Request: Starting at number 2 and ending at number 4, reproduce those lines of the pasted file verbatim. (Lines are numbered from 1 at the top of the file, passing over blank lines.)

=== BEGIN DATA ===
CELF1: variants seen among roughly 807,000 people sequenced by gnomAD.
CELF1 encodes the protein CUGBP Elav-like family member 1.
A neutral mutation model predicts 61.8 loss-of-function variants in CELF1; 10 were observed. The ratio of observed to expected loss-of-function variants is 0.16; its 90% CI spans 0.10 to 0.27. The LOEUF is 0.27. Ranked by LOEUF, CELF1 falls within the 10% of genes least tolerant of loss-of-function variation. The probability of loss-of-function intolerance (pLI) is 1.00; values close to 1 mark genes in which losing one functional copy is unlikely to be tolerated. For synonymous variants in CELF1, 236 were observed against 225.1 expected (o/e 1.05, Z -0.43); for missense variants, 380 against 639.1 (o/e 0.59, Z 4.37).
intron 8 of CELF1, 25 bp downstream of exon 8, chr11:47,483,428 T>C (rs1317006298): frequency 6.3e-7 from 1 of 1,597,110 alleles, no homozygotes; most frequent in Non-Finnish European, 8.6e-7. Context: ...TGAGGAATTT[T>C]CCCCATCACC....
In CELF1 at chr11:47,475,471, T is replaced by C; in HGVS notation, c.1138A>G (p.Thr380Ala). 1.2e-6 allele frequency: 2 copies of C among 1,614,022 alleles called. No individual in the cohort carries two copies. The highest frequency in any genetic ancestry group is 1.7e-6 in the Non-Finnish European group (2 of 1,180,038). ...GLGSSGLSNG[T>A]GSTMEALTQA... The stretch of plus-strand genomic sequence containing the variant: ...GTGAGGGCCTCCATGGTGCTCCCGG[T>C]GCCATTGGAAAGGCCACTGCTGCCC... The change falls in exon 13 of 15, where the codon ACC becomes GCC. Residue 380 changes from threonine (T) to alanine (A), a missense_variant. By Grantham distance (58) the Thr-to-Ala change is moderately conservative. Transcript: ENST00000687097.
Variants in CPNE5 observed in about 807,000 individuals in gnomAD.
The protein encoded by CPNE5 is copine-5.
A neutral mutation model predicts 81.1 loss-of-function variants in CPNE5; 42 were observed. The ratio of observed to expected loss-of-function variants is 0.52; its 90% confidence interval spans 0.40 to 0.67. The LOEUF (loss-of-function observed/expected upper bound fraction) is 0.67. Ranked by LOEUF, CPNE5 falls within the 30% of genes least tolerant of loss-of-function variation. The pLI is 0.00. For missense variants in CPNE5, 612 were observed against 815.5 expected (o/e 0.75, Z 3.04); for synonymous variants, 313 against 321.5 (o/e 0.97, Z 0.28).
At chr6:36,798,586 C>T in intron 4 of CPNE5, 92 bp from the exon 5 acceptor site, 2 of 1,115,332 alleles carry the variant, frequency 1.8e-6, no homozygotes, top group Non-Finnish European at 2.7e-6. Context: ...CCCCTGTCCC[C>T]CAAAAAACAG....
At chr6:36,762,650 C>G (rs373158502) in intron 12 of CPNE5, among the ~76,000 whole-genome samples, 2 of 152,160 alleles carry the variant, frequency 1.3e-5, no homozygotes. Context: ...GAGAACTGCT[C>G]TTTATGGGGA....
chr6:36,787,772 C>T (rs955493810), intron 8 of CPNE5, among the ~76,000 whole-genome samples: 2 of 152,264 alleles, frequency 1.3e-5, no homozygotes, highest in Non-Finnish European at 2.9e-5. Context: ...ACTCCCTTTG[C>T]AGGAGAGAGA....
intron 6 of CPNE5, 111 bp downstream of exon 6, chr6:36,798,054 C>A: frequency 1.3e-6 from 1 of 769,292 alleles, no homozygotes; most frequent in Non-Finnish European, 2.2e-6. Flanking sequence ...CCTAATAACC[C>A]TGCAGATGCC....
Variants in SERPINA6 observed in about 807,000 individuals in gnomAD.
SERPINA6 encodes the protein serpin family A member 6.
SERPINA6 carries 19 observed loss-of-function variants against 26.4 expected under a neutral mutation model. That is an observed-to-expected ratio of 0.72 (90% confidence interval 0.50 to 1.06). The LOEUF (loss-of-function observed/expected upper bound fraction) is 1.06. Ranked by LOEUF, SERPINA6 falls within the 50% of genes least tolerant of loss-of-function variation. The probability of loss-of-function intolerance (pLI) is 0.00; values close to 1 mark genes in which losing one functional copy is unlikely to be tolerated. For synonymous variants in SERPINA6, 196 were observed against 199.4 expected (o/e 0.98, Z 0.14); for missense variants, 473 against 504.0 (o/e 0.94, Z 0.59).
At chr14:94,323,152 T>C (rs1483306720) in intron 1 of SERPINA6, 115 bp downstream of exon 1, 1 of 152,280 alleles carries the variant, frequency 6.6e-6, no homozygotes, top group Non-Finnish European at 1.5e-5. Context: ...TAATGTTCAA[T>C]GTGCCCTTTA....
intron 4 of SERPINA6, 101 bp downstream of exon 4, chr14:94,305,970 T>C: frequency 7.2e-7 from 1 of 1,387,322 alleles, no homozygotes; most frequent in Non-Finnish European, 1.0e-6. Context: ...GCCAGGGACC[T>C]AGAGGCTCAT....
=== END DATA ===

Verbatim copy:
CELF1 encodes the protein CUGBP Elav-like family member 1.
A neutral mutation model predicts 61.8 loss-of-function variants in CELF1; 10 were observed. The ratio of observed to expected loss-of-function variants is 0.16; its 90% CI spans 0.10 to 0.27. The LOEUF is 0.27. Ranked by LOEUF, CELF1 falls within the 10% of genes least tolerant of loss-of-function variation. The probability of loss-of-function intolerance (pLI) is 1.00; values close to 1 mark genes in which losing one functional copy is unlikely to be tolerated. For synonymous variants in CELF1, 236 were observed against 225.1 expected (o/e 1.05, Z -0.43); for missense variants, 380 against 639.1 (o/e 0.59, Z 4.37).
intron 8 of CELF1, 25 bp downstream of exon 8, chr11:47,483,428 T>C (rs1317006298): frequency 6.3e-7 from 1 of 1,597,110 alleles, no homozygotes; most frequent in Non-Finnish European, 8.6e-7. Context: ...TGAGGAATTT[T>C]CCCCATCACC....